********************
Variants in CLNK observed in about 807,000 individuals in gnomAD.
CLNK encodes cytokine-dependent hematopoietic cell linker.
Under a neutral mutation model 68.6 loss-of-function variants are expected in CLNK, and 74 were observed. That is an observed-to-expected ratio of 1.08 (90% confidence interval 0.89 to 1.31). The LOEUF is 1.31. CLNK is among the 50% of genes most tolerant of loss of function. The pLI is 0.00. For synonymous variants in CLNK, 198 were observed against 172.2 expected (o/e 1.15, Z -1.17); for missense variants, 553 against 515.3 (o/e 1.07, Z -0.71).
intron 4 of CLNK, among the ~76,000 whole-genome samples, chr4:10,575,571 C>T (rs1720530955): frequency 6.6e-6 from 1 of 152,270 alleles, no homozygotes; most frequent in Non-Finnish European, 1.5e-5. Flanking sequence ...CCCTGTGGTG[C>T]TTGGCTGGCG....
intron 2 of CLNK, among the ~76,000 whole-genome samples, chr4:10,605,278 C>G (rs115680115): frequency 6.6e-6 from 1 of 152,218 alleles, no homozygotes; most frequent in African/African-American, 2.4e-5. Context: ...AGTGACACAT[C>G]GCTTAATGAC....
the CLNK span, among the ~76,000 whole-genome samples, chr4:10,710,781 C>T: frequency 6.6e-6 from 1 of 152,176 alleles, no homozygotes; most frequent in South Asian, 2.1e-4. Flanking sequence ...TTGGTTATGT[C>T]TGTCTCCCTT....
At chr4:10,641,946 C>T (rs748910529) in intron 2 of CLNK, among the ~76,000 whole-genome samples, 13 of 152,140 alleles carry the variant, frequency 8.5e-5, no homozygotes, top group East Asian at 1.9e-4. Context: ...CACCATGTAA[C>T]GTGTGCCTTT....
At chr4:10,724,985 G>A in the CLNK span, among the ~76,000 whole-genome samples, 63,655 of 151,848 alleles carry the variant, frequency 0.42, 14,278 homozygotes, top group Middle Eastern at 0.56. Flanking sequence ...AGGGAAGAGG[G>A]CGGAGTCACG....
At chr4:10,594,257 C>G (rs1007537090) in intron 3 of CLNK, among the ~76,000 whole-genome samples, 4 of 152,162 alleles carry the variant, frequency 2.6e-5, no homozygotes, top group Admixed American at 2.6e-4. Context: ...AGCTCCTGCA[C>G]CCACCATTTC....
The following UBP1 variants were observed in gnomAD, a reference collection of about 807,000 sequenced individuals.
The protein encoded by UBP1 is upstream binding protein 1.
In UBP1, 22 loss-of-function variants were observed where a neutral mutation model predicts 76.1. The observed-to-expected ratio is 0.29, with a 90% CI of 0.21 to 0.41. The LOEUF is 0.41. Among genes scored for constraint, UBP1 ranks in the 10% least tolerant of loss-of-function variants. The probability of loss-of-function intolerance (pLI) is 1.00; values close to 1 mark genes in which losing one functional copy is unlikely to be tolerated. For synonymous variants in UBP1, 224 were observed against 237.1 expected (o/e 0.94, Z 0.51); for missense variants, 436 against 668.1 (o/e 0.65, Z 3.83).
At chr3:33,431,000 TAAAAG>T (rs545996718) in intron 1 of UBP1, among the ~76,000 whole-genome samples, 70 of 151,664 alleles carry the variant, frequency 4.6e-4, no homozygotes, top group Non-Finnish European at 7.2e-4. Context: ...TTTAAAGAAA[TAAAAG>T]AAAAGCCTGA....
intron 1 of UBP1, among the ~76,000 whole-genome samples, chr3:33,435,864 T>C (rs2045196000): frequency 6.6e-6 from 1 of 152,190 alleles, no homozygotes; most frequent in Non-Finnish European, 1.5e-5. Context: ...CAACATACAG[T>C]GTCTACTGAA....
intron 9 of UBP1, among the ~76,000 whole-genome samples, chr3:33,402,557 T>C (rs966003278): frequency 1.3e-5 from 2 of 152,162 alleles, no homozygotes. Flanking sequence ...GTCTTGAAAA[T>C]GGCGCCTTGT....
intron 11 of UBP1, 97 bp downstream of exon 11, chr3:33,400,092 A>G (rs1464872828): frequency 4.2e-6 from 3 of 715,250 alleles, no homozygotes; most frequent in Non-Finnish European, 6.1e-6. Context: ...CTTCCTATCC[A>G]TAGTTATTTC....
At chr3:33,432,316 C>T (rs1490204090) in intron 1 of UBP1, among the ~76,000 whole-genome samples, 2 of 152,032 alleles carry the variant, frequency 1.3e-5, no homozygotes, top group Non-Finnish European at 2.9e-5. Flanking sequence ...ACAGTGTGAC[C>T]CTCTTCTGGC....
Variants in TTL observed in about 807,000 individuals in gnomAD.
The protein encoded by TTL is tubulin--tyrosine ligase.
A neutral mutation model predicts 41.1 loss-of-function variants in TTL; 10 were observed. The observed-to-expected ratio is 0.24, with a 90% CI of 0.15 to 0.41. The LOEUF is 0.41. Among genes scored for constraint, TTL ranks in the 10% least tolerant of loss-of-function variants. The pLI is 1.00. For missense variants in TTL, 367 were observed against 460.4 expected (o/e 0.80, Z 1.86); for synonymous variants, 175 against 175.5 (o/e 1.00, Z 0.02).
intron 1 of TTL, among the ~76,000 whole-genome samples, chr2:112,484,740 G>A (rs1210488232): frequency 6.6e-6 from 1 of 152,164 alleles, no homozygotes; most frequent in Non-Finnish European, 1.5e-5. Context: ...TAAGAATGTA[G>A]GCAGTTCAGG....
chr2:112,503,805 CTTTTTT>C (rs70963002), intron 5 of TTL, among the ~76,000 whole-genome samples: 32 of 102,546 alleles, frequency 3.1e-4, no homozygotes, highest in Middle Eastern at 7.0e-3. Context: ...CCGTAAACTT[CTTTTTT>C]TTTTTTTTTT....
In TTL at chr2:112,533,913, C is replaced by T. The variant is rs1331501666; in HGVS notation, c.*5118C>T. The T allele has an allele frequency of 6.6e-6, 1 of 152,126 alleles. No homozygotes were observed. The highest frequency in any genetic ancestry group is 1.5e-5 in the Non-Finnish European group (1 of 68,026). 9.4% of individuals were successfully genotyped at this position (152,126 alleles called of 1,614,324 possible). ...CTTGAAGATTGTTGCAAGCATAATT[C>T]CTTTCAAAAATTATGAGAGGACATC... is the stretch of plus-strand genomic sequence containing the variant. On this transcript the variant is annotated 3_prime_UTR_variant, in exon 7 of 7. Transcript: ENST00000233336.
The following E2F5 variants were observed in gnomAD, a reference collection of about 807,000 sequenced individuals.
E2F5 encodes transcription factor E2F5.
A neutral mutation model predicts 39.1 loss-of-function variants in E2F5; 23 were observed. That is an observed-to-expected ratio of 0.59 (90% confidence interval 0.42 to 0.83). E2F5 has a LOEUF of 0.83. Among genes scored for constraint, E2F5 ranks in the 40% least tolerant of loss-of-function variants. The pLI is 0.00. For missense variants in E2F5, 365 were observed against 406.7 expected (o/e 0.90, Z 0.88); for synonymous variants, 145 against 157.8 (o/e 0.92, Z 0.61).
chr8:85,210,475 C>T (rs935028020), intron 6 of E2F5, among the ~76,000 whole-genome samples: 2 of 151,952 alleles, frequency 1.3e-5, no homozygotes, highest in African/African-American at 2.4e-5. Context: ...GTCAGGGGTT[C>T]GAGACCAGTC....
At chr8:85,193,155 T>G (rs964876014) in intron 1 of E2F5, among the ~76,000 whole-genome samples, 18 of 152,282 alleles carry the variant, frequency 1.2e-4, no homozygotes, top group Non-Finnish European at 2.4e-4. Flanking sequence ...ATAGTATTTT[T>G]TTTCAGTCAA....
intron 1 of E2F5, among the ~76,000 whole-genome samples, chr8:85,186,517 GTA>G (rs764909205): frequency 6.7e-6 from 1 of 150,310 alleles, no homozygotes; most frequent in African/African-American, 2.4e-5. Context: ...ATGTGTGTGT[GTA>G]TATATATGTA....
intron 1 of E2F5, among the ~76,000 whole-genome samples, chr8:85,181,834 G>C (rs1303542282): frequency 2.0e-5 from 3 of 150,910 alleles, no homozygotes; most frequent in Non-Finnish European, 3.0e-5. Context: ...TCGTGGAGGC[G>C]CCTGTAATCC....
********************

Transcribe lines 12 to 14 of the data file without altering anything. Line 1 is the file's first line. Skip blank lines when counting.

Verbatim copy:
In UBP1, 22 loss-of-function variants were observed where a neutral mutation model predicts 76.1. The observed-to-expected ratio is 0.29, with a 90% CI of 0.21 to 0.41. The LOEUF is 0.41. Among genes scored for constraint, UBP1 ranks in the 10% least tolerant of loss-of-function variants. The probability of loss-of-function intolerance (pLI) is 1.00; values close to 1 mark genes in which losing one functional copy is unlikely to be tolerated. For synonymous variants in UBP1, 224 were observed against 237.1 expected (o/e 0.94, Z 0.51); for missense variants, 436 against 668.1 (o/e 0.65, Z 3.83).
At chr3:33,431,000 TAAAAG>T (rs545996718) in intron 1 of UBP1, among the ~76,000 whole-genome samples, 70 of 151,664 alleles carry the variant, frequency 4.6e-4, no homozygotes, top group Non-Finnish European at 7.2e-4. Context: ...TTTAAAGAAA[TAAAAG>T]AAAAGCCTGA....
intron 1 of UBP1, among the ~76,000 whole-genome samples, chr3:33,435,864 T>C (rs2045196000): frequency 6.6e-6 from 1 of 152,190 alleles, no homozygotes; most frequent in Non-Finnish European, 1.5e-5. Context: ...CAACATACAG[T>C]GTCTACTGAA....